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Opinion

Persia’s future
Part I: Shah & Mossadegh

 

Manesh
June 17, 2005
iranian.com

This is not about the Shah or Mossadegh. This is about Shahis and Mossadeghis.

There is a half-century old rivalry among the followers of the Shah and Mosaddegh. Even though both men have passed away, the rivalry lives on as bitterly and as divisively as ever. These two groups, who comprise the vast majority of mainstream Persian population, have opposed each other so successfully over the years that they have effectively paralyzed each other. In doing so, they have also crippled the Persian political process. As a result, a great nation is in ruins and her noble people are suffering greatly.

Each side considers the other to be gullible fools, at best, and treacherous liars, at worst. Their only comfort is that the other side did not win, and their only hope is to change the other side’s mind. Under the circumstances, that is not much of a comfort, and this is not a realistic hope.

It’s a tragedy. But, it doesn’t have to be this way at all.

I may be a rare commodity in this debate because, first, I have changed sides more than once. I’m thoroughly familiar with both arguments- from within and without. Second, I am fortunate enough to have personally known key supporters on both sides. They are both good people. I don’t despise either man or their supporters. I have now moved past the issues and found a higher cause to struggle for.

Allow me to share my opinion of each side- their nature & their arguments, and offer a solution.

Neither the Shah nor Mosaddegh were traitors. They both loved Persia, devoted their whole lives to her, and wanted nothing but her glory; each in his own way. The events that led to, and followed their epic clash, were too intense for either man, or the nation to handle. There was too much at stake, and too much hurt too digest. Each side transferred their frustration to the other, and a bitter rivalry ensued, crippling both sides.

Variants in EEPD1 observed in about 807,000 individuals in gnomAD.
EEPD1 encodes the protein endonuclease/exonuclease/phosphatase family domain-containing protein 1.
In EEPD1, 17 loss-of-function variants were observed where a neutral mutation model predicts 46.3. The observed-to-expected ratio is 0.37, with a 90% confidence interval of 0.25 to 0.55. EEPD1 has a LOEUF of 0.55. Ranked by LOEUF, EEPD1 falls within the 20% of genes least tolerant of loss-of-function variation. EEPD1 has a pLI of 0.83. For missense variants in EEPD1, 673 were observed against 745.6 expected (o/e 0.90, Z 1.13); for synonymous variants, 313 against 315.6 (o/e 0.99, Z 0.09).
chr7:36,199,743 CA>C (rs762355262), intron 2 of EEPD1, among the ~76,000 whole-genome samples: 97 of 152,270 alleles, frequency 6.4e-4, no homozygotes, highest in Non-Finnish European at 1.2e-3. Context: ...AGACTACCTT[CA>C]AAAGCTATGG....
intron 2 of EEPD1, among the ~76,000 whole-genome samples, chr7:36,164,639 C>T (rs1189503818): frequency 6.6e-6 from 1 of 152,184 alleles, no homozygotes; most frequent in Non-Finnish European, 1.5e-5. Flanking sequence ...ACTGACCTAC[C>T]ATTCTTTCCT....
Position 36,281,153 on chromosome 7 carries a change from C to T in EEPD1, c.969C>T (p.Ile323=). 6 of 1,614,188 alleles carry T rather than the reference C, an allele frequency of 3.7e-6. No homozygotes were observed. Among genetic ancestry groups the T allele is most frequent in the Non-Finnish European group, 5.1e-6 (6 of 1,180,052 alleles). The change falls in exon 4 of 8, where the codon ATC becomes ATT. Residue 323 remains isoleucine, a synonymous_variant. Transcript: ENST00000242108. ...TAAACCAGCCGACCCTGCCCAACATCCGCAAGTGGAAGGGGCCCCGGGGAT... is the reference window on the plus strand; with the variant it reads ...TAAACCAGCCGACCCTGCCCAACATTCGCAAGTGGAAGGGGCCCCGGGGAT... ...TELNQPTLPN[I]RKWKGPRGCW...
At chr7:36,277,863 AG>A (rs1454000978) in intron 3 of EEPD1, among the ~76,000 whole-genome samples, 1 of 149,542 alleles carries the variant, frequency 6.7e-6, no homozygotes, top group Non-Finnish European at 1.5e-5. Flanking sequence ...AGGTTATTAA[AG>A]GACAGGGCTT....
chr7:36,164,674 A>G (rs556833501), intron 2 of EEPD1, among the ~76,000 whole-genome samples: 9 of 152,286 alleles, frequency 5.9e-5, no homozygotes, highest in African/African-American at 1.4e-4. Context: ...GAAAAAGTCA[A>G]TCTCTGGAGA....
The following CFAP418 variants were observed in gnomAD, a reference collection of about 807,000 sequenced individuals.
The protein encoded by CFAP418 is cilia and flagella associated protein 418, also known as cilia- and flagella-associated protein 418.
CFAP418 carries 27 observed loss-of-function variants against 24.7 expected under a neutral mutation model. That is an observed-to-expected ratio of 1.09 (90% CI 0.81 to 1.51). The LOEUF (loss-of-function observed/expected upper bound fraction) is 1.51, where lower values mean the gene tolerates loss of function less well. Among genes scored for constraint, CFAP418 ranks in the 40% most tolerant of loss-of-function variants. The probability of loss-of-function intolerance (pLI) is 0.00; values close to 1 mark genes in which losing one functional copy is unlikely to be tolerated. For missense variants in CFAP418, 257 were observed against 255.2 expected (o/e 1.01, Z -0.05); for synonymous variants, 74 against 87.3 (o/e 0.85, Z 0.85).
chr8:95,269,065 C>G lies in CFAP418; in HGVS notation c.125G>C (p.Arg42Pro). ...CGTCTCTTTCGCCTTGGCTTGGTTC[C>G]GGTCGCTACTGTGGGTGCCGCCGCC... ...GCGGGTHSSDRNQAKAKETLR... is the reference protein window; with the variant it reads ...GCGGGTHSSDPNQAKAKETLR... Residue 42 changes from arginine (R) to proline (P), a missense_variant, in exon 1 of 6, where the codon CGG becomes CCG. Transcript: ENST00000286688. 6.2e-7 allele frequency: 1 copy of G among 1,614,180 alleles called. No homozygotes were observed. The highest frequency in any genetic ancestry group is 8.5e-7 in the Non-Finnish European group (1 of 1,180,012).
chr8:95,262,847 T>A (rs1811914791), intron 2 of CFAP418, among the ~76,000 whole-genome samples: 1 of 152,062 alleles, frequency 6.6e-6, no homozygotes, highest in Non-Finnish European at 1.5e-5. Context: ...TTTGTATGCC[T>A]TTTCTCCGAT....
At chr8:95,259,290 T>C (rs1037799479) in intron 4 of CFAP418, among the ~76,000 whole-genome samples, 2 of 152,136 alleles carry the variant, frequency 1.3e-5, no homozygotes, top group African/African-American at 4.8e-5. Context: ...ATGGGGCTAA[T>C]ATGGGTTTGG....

The political process in Persia froze in time on August 19th, 1953. It was then only a matter of time before some fringe element in society would take over. It could’ve been the communists, militarists, Islamists, or new ideologies like MKO, or it could have been just chaos, civil war and disintegration. As it were, the mullahs took over the void. Not surprisingly, it turned out to be an unnatural, alien, imposed order that doesn’t represent the society at all.

As for the arguments centered around these men and the events, frankly, they do not matter in the big picture anymore. The divide was not really about particular events or personalities. These were catalysts as democracy came of age in an ancient, complex society. We choose to think of a nation split over the Shah or Mosaddegh. That’s because we like drama. The nation was, and still is, divided between Conservatives and Liberals. The rest is pure Persian Passion Play.

If you agree with this, then you may feel hopeful because this is normal, or at least common. In the next progression, you may even appreciate that this is not such a bad thing after all. Conservatives and Liberals are the two natural players in a healthy political system. Like two pontoons on either side of a ship, they keep it from listing out off balance. As it says in Qabus Nameh, “two hands can lift what one hand can not, and two eyes may see what one eye may not”.

There is just one problem: we have the right players, but no system. We have the pontoons, but no ship to fix them to. We have the two hands and the two eyes, but no body that can use them.

Shahis are the Conservatives. Mosaddeghis are the Liberals. The system we speak of is, of course, a Constitution. The Constitution is more important than Shah or Mosaddegh, Conservative or Liberal. Without it, one or the other will take over, sooner or later. Checks and balances will disappear, and the system will implode. This is exactly what happened in Persia. In the absence of a Constitution held as the highest law of the land by both sides, they self-destructed. (Incidentally, this would happen in any country without the stabilizing effect of a respected constitution).

The only solution to Persia’s problems today is for Conservatives and Liberals to come together under the umbrella of a common Constitution. Come together not to agree with, or even understand, the other’s views, but to form a protective framework in which they can both be active.

The gap between Liberal and Conservative is where IRI gets the air to survive. If these two closed ranks, IRI would suffocate.

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